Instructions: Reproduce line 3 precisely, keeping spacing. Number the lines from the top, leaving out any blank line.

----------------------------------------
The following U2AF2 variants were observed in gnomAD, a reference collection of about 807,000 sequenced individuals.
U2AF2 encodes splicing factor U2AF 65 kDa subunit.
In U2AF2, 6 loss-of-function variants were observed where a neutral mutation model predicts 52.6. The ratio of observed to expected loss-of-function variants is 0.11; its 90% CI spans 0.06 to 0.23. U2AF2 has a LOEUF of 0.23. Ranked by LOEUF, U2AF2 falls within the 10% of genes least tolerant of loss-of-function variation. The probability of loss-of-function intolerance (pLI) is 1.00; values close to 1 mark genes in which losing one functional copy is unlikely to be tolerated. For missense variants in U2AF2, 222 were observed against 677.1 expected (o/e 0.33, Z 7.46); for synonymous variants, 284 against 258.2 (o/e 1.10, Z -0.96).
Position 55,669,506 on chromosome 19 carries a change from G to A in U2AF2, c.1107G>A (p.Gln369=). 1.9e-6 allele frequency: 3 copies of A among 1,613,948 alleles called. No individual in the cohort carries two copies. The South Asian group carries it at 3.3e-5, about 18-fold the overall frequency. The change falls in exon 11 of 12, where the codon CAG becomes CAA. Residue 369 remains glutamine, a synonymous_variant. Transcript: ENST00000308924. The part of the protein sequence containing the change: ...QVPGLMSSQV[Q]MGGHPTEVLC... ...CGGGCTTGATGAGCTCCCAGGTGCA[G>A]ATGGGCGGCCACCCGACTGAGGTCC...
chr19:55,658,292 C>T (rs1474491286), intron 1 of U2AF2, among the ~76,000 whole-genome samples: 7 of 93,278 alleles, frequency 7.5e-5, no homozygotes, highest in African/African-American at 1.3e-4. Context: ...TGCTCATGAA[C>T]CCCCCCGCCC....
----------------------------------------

In U2AF2, 6 loss-of-function variants were observed where a neutral mutation model predicts 52.6. The ratio of observed to expected loss-of-function variants is 0.11; its 90% CI spans 0.06 to 0.23. U2AF2 has a LOEUF of 0.23. Ranked by LOEUF, U2AF2 falls within the 10% of genes least tolerant of loss-of-function variation. The probability of loss-of-function intolerance (pLI) is 1.00; values close to 1 mark genes in which losing one functional copy is unlikely to be tolerated. For missense variants in U2AF2, 222 were observed against 677.1 expected (o/e 0.33, Z 7.46); for synonymous variants, 284 against 258.2 (o/e 1.10, Z -0.96).